STRASBOURG — The European Parliament moved closer on Thursday to banning targeted ads based on sensitive data including religious beliefs, sexual orientation and racial or ethnic origin.
A large majority of lawmakers voted to prohibit online platforms such as Facebook and Google from showing commercials to users based on their most intimate information, in the EU’s draft content moderation bill, known as the Digital Services Act (DSA).
The move comes amid sustained calls from activists to bolster online privacy and crack down on what they say is abusive surveillance exploiting people’s vulnerabilities, the likes of which resulted in large-scale manipulations such as in the Cambridge Analytica scandal.
U.S. lawmakers also on Tuesday introduced a bill with similar provisions prohibiting tech platforms and data brokers from using sensitive information to push their ads.
The new potential EU restrictions on targeted advertising could reshape the tech industry. They could affect the widely popular marketing practices underpinning tech behemoths’ business models and fueling the advertising industry and traditional media organizations.
Lawmakers will now have to negotiate with the Council, representing the 27 EU governments, which has shown no interest in tackling online advertising in the DSA.
France, which is at the helm of the Council and plans to finalize the DSA, has previously shown reluctance to take heed of Parliament’s appetite for new privacy rules.
On January 12 at an event organized by the Atlantic Council, French Digital Minister Cédric O said limits on targeted advertising could “hamper the rhythm and progress” of the adoption of the EU’s tech laws, the DSA and its sister bill focused on online competition, the Digital Markets Act.
Targeting sensitive data
Proposed by the European Commission in December 2020, the DSA aims to create Europe-wide rules for online services. The bill seeks to crack down on illegal content, regulate online advertising and impose transparency measures on platforms’ algorithms.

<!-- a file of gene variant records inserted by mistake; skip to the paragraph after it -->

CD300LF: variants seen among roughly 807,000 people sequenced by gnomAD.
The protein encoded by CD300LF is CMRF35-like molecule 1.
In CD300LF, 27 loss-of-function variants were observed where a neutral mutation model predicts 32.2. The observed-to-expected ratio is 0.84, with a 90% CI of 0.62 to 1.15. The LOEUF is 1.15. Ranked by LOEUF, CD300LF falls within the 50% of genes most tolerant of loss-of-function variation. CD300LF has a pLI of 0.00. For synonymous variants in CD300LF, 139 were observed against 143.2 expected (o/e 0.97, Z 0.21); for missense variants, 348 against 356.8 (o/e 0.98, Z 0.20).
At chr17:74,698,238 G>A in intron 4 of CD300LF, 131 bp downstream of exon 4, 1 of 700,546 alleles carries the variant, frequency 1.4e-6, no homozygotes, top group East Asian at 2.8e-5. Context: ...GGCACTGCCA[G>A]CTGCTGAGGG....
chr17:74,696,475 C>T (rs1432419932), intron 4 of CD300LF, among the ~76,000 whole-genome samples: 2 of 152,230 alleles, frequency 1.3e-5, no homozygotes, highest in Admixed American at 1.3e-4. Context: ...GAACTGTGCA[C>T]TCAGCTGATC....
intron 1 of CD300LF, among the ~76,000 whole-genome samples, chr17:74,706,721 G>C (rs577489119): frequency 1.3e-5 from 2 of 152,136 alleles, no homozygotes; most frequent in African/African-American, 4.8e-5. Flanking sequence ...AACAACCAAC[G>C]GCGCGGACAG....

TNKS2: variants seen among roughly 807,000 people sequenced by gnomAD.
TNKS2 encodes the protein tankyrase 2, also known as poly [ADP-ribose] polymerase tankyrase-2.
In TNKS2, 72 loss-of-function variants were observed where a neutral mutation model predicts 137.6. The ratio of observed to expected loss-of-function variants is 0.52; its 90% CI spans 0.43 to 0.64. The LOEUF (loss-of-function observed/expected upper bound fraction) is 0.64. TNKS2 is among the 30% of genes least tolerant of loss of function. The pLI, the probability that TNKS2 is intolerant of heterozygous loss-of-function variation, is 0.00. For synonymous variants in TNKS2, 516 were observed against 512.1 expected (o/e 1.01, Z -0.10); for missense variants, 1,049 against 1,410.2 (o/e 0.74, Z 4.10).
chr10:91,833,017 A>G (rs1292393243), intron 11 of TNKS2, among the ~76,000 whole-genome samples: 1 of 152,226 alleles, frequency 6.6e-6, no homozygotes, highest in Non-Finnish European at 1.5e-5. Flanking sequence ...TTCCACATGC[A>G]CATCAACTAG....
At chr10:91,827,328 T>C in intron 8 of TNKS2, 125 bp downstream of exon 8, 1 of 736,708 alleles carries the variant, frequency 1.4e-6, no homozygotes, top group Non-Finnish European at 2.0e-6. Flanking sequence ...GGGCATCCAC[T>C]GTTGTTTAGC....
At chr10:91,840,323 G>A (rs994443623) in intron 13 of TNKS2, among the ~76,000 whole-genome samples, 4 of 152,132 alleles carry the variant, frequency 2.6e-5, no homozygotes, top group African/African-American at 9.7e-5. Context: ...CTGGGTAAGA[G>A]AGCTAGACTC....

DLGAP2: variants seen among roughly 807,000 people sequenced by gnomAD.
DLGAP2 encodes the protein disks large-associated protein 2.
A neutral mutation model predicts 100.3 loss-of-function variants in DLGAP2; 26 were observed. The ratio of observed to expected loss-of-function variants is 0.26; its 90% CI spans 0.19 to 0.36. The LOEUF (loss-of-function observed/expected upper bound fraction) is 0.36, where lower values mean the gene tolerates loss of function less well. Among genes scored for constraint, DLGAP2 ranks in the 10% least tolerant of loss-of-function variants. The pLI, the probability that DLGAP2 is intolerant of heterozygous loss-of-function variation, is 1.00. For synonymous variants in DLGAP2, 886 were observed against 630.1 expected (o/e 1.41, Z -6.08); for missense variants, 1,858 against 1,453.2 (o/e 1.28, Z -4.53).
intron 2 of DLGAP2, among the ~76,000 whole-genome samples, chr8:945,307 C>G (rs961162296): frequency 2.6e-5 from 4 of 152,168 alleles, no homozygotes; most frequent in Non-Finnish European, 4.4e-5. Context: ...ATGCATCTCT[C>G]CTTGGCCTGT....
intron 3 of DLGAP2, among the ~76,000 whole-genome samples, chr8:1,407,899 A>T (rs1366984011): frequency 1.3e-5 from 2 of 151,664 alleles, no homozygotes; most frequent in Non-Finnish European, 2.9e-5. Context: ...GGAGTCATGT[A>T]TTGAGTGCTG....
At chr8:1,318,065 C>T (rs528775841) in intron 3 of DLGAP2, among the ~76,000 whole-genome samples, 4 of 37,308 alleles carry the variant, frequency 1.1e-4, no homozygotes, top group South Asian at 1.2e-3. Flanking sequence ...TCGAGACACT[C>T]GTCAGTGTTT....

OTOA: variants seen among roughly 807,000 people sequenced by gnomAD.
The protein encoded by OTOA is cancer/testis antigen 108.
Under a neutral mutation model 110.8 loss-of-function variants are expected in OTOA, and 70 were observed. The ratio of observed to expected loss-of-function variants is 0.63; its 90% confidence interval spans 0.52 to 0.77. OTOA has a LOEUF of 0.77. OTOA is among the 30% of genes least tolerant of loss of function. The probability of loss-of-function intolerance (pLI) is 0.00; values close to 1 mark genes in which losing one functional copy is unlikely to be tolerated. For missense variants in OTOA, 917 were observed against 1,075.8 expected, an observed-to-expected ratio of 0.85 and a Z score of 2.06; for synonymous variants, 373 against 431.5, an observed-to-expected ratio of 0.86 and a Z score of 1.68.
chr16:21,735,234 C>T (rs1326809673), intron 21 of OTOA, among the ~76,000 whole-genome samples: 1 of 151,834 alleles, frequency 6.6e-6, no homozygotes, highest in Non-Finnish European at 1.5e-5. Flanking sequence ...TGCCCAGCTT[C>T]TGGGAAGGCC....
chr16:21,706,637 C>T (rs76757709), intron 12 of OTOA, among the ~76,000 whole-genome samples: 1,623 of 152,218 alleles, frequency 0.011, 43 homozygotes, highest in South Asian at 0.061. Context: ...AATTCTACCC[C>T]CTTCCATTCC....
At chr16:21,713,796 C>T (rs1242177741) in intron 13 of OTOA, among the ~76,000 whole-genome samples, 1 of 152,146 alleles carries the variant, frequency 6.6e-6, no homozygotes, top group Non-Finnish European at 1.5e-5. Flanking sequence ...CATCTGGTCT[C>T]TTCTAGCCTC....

Galvanized by a widely supported — but nonbinding— call in the European Parliament to rein in targeted ads in 2020, several left-wing political groups including the Socialists & Democrats and the Greens laid out ambitious plans early on in the negotiations of the DSA to outlaw the practice of micro-targeted online advertisements.
But facing fierce opposition from center-right and liberal lawmakers, negotiators compromised on a ban on manipulative designs to nudge users to consent to online tracking, including so-called dark patterns and website notices to accept online trackers known as cookies. They also added that online platforms needed to clearly get consent from users before tracking them.
Meanwhile, tech companies wouldn’t be able to target minors with ads.
Then, on Wednesday, left-wing MEPs pulled off an unexpected feat by winning the support of conservative and far-right lawmakers in what Greens MEP Alexandra Geese called a “huge win for European citizens.”
The privacy changes gave a “strong signal that Parliament wants to be crystal clear on the need to do something on [tracking ads],” lead lawmaker Christel Schaldemose, a Dane from the S&D, told POLITICO.
Parliament also approved an amendment to force online platforms to make sure that users who declined to be tracked could still have alternative options to access the services, meaning that a platform like Instagram couldn’t de facto oblige users to be tracked to view posts on its app.
MEPs approved the preliminary lead committee rules as lawmakers also decided to force online services to respect fundamental rights enshrined in the EU charter, including freedom of expression and information, in their terms and conditions.
Cloud hosting companies and platforms, meanwhile, could have to enable anonymous use of and payment for their online services.
Parliament also agreed that small- and medium-sized companies could request assistance when seeking legal representation in the EU, a requirement to comply with the DSA.
An amendment to get platforms to inform media organizations of content moderation decisions based on their terms and conditions, and give them a chance to challenge those decisions, before taking action was rejected. However, MEPs voted to ensure online platforms would also have to respect the freedom and pluralism of media.
The final rules could come into force as soon as 2023.
This article has been updated.